I could hear every sonic detail – with percussion, guitars riffs, vocals and certain electronic instrumentations being particularly out-of-this-world vibrant. Songs like Paul Simon’s “Diamonds on the Soles of Her Shoes” (which I’ve heard hundreds of times before) sounded like completely new pieces of music while emanating through the Despacio speaker towers. I was nearly hypnotized during the sections of the set that were literally just bongo drums – it was as if someone was playing the drums right next to me, only with more richness than seemed possible in real life. And in the middle of a not too overly crowded, climate controlled dance floor with a massive disco ball that was undeniably Coachella’s best kept secret. For lack of better words, I was in heaven.
And the music. I could go on for hours – and we did stay in Despacio for hours on end throughout the weekend. Everything felt like it was chosen with such care and craft, to delight and surprise us song after song after song. The eclectic mix of music showcased just how impressive this sound system really is, and the depth of sound it creates. Genres ranged from disco, soul and 70s/80s dance tracks (and a seemingly constant homage to the Talking Heads) during Murphy’s components, to techno, acid house and electronic styles during the Dewaele brothers time on the decks.
As they mention in their interview with B.Traits on BBC Radio 1, the Dewaeles play tons of their own edits of records they’ve amassed while traveling the world. So much of what we heard in Despacio doesn’t really exist anywhere else except in their personal collection. Thus the sets were a unique paradox of being some of the most memorable DJ sets I’ve heard in my life, while simultaneously some of the most elusive.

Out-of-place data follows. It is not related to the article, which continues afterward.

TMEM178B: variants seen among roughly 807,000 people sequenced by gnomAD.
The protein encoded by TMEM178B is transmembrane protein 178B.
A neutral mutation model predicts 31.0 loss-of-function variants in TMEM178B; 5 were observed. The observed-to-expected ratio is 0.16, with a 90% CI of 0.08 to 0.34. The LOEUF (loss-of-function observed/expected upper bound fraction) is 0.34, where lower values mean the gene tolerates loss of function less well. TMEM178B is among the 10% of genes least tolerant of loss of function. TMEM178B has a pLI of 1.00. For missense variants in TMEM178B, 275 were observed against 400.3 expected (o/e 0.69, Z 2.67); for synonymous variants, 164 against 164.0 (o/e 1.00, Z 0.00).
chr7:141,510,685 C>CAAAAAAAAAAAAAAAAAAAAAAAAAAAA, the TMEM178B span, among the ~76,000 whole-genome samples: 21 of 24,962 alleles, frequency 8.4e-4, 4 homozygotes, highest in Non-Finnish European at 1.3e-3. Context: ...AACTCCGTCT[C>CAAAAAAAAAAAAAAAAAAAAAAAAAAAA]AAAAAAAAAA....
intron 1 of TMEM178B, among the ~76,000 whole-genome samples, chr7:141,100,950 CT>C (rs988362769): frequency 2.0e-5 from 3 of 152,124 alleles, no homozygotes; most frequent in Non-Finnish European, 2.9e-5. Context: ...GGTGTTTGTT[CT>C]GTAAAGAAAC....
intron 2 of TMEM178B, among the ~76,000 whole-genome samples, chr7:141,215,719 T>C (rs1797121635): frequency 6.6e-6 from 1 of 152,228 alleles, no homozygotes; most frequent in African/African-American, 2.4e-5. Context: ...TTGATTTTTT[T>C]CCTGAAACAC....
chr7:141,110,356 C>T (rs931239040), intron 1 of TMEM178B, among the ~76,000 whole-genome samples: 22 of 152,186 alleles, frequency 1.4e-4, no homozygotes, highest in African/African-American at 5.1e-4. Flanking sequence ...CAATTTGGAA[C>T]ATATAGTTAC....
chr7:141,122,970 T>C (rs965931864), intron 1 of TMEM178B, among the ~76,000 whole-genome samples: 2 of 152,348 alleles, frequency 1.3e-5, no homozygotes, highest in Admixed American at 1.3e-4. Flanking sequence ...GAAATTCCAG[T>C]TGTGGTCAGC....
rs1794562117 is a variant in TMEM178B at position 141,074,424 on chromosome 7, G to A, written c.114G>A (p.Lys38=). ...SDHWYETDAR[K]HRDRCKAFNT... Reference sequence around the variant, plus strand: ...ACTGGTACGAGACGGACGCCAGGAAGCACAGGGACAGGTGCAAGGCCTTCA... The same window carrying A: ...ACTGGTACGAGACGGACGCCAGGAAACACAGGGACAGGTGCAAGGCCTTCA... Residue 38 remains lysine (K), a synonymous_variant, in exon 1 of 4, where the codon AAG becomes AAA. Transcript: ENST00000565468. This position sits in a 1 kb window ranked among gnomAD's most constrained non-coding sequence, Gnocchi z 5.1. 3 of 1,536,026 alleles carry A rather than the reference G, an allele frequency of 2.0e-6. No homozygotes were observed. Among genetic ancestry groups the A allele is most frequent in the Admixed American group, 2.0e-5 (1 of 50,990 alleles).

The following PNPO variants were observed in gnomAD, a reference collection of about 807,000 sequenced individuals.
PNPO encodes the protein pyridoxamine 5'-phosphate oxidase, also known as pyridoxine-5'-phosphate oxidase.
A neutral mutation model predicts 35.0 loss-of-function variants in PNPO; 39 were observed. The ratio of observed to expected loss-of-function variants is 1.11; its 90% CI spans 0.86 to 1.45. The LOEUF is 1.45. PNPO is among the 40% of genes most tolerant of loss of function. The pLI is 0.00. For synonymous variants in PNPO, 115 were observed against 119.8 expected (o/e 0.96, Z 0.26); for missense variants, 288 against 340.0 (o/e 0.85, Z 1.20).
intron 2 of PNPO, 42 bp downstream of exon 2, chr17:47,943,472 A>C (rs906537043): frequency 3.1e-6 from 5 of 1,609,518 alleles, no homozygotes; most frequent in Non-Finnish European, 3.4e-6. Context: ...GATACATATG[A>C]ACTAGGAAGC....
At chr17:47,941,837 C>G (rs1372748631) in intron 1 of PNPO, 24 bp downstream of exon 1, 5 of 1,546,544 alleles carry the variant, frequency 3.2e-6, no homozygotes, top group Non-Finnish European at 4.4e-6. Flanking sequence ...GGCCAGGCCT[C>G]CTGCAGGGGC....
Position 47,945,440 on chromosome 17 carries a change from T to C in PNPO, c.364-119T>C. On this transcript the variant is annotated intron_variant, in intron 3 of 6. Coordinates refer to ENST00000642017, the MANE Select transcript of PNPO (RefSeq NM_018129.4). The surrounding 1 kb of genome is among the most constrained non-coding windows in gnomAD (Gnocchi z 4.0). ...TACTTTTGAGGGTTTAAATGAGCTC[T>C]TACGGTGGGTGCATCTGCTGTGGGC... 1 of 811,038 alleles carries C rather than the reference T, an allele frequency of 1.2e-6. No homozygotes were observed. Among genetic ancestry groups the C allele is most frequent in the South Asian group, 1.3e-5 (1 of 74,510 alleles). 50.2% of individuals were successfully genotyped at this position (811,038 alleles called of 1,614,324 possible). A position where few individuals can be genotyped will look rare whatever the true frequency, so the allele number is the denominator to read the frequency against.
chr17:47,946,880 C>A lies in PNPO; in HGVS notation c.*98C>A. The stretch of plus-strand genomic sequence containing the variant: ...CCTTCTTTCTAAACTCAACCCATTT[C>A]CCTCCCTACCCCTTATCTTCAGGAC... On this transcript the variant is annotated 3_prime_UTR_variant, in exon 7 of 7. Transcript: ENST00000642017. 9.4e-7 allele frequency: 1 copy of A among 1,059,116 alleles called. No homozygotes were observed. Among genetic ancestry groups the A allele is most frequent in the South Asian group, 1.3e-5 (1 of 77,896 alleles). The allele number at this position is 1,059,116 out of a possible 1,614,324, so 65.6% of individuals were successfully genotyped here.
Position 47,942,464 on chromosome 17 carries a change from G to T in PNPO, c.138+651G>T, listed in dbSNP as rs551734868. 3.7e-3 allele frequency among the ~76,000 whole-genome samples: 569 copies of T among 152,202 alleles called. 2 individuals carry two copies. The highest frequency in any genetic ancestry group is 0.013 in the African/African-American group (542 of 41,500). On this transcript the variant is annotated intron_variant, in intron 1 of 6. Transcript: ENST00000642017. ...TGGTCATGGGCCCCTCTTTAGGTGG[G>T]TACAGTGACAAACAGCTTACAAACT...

The sets were filled with some of my favorite tracks that I could barely believe were being spun in such an exquisite environment, mixed with hours of deeper cuts I’d previously never heard but sent me into soaring into euphoria. I’m fully convinced that these men are not only expert curators and song selectors, but potentially actual sorcerers. It was if they knew exactly what we wanted, better than we even did, and handed it to us hour after hour.
“We played all these tracks we can’t really play normally in clubs”, David Dewaele told WIRED magazine in this 2013 interview feature. “You can’t really play Steve Miller in front of 10,000 people at a festival. It just doesn’t work. But if you are in the right environment and you have a Serbian disco track with an amazing percussion and the right sound system, then it works”.
And let me tell you, it really really works.
Be sure to check out Lineup #98 for a playlist featuring music from Despacio and some of our most memorable moments.
Sources used to write this post (and more reading/listening material):
Despacio: the 50,000-watt sound system designed for discerning audiophiles – WIRED, November 2013
Despacio: Powered by McIntosh – McIntosh Labs
Inside James Murphy and 2ManyDJs’ Insane Audiophile Soundsystem – SPIN, July 2014
Inside Despacio, James Murphy and 2manyDJs’ dance music utopia – The Verge, April 2016